If my recent assignments for this magazine are indicative of a trend, the world of organizations is finally coming around to the notion that the people who do the real, regular work are pretty important to the overall success of the enterprise, and none too soon. The military, and the fields of entertainment and competitive sports, figured this one out long ago.
In this import from Britain, author Holbeche builds an extremely strong case for the proper marching of your HR practices and your strategic plan, and she provides case studies from companies such as BP Amoco, Dow Corning, and kpmg to back it up. Of particular interest to me is the section "Developing effective career strategies," which is a realm that many companies assiduously avoid, partly out of lack of resources and training, and partly out of a desire to stay out of employees' private lives, I suppose. The problem is that for most of us today, work is life, and life is work.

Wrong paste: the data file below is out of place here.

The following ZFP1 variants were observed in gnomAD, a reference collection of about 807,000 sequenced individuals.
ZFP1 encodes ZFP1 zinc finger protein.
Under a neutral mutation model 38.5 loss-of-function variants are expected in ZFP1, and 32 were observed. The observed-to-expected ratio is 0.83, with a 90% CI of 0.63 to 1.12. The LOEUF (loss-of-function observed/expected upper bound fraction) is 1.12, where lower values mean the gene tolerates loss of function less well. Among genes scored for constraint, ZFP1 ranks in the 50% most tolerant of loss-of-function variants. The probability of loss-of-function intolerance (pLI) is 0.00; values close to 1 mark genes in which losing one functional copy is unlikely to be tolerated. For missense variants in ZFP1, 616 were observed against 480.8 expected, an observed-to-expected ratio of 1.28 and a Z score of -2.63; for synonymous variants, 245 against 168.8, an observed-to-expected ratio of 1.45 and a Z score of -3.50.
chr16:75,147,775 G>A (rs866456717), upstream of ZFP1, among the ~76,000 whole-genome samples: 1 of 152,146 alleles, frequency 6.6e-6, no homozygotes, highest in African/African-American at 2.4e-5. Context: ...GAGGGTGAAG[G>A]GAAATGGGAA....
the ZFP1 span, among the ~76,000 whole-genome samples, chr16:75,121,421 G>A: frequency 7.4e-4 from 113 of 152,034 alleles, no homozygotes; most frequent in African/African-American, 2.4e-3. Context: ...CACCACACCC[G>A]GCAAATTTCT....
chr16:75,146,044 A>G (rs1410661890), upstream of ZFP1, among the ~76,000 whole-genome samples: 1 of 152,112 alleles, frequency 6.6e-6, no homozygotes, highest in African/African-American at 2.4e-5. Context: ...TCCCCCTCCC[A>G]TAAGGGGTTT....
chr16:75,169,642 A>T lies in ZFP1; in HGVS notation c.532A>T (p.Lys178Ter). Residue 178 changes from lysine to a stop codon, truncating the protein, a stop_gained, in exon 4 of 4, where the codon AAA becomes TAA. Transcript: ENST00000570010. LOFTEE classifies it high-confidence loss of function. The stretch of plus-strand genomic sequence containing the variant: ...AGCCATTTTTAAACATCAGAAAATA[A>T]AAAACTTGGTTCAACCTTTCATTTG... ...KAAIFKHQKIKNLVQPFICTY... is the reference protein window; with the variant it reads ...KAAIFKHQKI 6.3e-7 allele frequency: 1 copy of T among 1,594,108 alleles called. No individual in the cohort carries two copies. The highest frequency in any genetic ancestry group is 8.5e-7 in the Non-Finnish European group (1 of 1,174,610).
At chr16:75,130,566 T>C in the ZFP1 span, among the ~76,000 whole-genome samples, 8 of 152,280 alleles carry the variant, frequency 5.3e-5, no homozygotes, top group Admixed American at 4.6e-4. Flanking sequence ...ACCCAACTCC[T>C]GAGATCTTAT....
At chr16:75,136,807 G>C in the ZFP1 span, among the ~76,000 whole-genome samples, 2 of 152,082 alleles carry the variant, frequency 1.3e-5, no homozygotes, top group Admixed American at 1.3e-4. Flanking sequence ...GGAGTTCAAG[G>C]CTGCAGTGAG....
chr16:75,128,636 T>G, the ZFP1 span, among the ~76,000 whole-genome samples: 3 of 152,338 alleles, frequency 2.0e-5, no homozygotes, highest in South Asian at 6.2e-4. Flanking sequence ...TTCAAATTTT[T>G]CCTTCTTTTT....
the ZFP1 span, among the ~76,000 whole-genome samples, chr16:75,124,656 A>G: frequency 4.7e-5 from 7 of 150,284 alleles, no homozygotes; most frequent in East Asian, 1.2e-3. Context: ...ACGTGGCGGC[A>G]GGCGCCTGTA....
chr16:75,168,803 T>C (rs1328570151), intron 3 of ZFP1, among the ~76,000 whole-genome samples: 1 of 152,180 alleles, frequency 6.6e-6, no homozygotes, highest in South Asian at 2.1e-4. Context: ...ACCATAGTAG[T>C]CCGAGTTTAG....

Attending to the developmental needs of employees has been a difficult task in every organization for which I have worked in the past 25 years, but this book has some fine lessons and inspiration to serve the cause. For example, many firms don't take full advantage of the benefits of lateral moves to refresh and excite their people. Indeed, as Holbeche comments, these job shifts require HR leaders to ensure that "the benefits of sideways moves do not seem biased in the organization's favor ... a well-thought-out policy on lateral moves and the provision of help where necessary can be useful to make it possible for individuals to develop new skills." New skills usually mean happier campers.
At the very least, this book will help you take an enterprising approach to your company's career development practices.